At what point do Virginia Woolf’s Mrs. Dalloway and the 1990 cinematic classic House Party intersect? Many points, actually, according to this incisive comparison of the two done by Sean Gill for The Offing. If anything, it goes on to prove just how difficult it is to plan a successful party.
Hopefully you’ve read Eryn Loeb’s Millions review of Goodbye to All That, a collection of essays by noted writers on the weird sorrow of leaving New York City. Contributors include Dani Shapiro, whom we interviewed back in October, Emma Straub, who wrote an essay for The Millions back in July, and Millions staff writer Emily St. John Mandel. At the LARB, Mason Currey says he dreaded reading the book out of fear that it would raise old anxieties, but then says that his hesitations “quickly evaporated” when he started reading.
Selections from Open Yale Courses are headed to print. As program director John Donatich explains, “At first glance, you might look at it skeptically and ask why would anybody pay for something that you can get for free. But on second glance you realize that it’s actually not the same thing at all.”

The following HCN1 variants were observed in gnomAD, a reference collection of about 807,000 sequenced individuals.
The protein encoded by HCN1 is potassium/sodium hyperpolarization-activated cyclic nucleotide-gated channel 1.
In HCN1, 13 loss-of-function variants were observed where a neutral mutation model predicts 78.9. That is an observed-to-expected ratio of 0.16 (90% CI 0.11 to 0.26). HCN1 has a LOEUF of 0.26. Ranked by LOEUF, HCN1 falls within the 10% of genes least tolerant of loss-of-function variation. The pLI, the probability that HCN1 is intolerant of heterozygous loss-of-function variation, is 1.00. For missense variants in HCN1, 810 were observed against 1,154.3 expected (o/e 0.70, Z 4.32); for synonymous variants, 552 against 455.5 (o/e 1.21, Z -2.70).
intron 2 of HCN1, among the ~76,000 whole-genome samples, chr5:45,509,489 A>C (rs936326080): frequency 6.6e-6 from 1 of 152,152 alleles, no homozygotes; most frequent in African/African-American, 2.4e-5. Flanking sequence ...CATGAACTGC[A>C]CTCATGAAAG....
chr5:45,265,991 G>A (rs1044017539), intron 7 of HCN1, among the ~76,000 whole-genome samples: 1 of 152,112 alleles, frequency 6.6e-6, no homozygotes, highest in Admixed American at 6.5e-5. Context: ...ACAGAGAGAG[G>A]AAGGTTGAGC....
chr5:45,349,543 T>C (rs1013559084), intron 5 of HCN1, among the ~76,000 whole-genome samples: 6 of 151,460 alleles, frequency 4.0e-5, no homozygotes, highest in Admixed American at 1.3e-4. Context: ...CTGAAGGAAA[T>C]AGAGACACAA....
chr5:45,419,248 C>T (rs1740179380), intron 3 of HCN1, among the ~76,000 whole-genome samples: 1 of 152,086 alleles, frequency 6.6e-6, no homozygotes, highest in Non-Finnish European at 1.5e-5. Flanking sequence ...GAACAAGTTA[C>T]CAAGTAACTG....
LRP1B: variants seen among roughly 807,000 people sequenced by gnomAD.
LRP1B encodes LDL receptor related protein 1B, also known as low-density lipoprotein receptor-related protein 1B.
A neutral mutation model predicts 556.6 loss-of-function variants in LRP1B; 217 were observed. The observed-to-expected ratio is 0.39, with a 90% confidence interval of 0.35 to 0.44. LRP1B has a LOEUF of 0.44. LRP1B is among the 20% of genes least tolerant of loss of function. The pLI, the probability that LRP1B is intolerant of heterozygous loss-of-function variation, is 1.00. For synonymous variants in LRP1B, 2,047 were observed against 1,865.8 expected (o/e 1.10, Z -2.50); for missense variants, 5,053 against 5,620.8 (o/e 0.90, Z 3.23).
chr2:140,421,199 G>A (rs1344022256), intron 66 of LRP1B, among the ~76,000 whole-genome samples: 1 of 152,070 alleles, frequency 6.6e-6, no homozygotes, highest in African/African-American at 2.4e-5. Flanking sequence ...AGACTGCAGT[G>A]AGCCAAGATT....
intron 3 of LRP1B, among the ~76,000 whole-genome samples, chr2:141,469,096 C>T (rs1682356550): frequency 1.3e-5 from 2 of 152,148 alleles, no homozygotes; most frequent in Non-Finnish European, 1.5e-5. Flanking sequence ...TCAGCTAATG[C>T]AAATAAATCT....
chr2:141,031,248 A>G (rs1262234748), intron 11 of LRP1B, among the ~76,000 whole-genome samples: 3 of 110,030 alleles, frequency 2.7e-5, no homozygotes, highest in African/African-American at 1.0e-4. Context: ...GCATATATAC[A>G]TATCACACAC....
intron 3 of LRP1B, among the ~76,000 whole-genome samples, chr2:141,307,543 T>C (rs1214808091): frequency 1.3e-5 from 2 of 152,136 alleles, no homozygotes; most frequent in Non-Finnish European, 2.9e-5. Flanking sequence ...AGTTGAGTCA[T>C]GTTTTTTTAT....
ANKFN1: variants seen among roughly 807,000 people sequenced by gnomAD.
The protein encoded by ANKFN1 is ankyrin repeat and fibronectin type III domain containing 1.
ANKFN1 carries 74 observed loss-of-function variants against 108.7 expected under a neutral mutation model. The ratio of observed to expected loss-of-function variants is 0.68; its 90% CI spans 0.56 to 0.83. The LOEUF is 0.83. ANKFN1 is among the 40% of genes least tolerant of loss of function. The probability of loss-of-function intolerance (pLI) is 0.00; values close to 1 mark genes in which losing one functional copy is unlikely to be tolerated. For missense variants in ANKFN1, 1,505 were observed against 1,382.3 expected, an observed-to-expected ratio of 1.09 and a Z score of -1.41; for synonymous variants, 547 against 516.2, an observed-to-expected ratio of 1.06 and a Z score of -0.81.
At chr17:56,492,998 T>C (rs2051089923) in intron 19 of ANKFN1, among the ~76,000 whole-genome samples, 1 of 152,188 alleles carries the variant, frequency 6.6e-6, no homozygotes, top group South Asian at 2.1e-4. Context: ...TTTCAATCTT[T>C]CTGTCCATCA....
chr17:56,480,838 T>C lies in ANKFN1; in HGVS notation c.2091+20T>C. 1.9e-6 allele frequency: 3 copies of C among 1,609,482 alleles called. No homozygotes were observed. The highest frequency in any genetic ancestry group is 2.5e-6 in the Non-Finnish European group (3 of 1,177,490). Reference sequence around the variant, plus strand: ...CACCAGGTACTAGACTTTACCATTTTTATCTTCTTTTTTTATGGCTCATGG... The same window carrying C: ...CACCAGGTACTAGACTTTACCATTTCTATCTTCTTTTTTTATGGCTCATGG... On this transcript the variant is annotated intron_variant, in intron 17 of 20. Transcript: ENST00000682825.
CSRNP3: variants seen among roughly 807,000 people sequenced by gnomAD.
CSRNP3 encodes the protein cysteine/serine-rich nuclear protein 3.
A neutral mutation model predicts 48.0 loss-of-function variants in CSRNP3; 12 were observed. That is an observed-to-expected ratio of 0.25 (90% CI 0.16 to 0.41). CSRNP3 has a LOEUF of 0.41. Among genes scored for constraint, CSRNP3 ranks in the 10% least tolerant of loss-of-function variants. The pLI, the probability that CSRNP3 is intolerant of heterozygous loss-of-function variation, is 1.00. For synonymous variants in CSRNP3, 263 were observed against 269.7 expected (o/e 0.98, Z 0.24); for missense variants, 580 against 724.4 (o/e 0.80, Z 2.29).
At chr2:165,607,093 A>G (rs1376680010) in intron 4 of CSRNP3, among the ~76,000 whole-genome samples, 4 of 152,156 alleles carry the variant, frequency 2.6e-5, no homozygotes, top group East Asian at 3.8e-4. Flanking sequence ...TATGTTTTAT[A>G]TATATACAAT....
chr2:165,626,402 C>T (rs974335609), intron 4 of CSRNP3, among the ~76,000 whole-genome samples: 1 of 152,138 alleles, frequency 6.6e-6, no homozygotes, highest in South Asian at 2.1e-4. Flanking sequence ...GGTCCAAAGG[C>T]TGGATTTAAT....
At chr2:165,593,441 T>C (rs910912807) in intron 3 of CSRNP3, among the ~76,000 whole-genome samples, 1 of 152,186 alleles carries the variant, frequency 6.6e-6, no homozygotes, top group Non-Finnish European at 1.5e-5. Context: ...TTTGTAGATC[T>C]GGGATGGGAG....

Always pushing the envelope in terms of how we think about books, Reif Larsen has just announced an iPad app for his novel The Selected Works of T. S. Spivet. As the demo video suggests, this something with much more depth and interaction than just a simple port from print to digital.
In The Age of The Crisis of Man, a new book by n + 1 co-founder and editor Mark Greif, the author examines the life and death of the concept of “man,” aka a unified humankind that could be said to suffer from particular conflicts. It was born in the thirties, with the rise of Fascism, but persisted for decades, eventually giving way to a more diversified view of humanity. In Tablet, Adam Kirsch dives into Greif’s arguments.
Growing up, Judy Bolton-Fasman watched her mother study Don Quixote, propping the book up on their kitchen counter while studying for her Master’s in Spanish literature. Her mother was a native speaker, but Cervantes was still a tough writer to figure out, especially if you were reading his work while trying to cook dinner in the background. The author looks back on her mother’s education in a Saturday Essay for The Rumpus.